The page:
by Gordon Wolf
Actress Pippa White used a range of voices and expressions to portray women who played key roles before and during the Civil War during her performance of “Civil War Women,” at the Dow City Community Building. The program was sponsored by the Dow City Public Library.
Putting on a different hat or shawl, White took on the persona of women who were abolition speakers, nurses, a woman among the Richmond elite who was a spy for the Union, a woman who wore men’s clothing to serve in the Union Army, and Vinnie Ream, who as a young girl was recognized for her sculpture and sculpted a bust of president Lincoln while in office. After Lincoln’s assassination, Ream was also selected in 1866 to sculpt the statue of Lincoln that stands in the Capitol Rotunda. She was 18 at that the time of that commission.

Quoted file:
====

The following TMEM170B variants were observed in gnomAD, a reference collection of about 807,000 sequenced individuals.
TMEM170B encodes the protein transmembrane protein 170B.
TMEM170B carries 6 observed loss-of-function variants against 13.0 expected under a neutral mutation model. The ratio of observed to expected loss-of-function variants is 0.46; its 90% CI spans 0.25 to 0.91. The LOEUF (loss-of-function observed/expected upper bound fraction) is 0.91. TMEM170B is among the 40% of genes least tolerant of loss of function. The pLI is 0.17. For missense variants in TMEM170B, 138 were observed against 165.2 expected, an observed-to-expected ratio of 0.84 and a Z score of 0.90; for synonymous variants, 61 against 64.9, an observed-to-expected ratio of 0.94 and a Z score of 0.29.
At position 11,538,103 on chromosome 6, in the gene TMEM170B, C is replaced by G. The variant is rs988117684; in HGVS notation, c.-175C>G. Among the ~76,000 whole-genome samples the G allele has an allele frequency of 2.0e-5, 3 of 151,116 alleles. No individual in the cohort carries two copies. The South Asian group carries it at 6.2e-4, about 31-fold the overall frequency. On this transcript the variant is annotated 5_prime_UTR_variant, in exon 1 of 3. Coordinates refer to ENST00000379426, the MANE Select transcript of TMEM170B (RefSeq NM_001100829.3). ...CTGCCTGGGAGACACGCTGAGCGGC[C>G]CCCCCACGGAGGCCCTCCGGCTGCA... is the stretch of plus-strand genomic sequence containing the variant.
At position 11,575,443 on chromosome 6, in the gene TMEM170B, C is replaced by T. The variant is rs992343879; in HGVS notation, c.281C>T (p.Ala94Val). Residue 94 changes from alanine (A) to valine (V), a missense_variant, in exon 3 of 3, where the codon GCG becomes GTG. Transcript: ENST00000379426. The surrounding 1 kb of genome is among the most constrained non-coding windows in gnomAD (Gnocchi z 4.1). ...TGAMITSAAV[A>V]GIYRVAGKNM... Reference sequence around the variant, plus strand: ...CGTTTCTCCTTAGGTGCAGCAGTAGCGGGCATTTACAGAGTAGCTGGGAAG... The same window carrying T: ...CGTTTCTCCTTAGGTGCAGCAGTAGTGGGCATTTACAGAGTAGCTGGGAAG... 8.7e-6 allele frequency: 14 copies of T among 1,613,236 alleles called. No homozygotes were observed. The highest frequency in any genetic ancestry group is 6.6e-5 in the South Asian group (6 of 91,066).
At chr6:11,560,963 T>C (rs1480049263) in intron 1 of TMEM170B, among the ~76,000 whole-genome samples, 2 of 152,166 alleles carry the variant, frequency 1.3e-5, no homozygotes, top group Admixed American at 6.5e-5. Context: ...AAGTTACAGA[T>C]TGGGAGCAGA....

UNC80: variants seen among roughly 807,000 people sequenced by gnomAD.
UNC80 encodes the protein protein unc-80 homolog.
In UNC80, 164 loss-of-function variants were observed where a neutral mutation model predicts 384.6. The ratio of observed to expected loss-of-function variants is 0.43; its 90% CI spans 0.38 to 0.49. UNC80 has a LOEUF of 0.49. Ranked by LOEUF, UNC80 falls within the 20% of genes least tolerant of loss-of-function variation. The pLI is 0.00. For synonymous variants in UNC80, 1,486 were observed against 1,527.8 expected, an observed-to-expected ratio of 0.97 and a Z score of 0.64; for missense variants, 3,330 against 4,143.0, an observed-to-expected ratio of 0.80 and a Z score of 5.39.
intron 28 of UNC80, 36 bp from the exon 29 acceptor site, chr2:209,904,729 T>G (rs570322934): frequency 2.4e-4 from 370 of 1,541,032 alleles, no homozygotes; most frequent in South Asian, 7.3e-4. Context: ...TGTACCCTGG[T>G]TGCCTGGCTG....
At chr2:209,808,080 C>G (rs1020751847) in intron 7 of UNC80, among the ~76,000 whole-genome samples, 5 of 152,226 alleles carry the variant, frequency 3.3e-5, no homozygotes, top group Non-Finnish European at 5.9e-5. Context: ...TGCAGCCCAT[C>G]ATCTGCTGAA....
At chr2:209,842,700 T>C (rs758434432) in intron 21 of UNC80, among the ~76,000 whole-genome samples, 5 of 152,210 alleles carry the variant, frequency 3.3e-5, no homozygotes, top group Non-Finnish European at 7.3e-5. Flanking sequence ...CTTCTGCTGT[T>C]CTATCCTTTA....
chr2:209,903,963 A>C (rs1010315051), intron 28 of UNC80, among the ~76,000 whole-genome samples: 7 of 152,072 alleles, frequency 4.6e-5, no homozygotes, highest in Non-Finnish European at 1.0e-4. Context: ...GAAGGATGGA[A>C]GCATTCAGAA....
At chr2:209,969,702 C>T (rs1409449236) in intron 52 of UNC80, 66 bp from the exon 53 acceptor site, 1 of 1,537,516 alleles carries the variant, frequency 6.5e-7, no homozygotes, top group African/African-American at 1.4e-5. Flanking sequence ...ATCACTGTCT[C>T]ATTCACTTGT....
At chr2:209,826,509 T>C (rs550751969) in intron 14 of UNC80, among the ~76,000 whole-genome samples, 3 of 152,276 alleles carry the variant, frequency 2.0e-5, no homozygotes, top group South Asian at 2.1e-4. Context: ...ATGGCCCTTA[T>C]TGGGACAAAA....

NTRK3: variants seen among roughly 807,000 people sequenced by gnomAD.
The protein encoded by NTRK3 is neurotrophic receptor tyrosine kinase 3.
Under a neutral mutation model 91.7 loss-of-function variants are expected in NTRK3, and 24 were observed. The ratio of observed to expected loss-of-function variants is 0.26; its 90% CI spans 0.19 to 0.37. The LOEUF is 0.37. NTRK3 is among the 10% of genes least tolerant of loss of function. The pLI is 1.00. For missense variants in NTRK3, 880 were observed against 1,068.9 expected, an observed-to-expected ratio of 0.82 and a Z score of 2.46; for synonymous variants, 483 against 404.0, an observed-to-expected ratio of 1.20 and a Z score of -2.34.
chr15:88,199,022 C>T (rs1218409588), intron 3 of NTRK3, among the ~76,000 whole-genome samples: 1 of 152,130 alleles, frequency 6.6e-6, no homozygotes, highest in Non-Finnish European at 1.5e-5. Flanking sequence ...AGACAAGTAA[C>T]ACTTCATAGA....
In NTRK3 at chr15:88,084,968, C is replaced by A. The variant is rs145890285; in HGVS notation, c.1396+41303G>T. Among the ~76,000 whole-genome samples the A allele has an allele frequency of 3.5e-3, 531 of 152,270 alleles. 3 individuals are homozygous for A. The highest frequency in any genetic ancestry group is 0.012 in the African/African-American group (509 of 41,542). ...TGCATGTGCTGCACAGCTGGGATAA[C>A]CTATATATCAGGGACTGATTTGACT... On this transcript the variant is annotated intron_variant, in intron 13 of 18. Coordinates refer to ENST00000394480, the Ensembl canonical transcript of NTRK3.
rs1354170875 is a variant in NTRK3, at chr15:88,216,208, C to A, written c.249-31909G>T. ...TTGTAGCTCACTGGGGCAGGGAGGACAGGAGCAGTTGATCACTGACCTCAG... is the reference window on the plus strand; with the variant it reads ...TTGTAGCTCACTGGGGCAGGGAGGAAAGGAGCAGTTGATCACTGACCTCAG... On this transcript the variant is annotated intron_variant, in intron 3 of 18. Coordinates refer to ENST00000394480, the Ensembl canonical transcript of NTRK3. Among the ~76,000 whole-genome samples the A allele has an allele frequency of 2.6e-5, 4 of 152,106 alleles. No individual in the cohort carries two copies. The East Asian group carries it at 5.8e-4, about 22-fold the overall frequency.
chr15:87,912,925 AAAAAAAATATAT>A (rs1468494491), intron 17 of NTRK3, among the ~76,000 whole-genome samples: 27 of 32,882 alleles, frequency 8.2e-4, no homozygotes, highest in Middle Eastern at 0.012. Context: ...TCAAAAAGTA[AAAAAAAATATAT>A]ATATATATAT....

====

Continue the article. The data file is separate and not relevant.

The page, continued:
White read a letter that had been written about an abolition speech given by Sojourner Truth, and she explained how Harriet Beecher Stowe, the author of “Uncle Tom’s Cabin,” came to be a published writer. Friends sent in stories she had written to a magazine and she was published. She used her first paycheck to buy a feather bed. After that, whenever the family needed some money to make ends meet, she would write another story and get it published.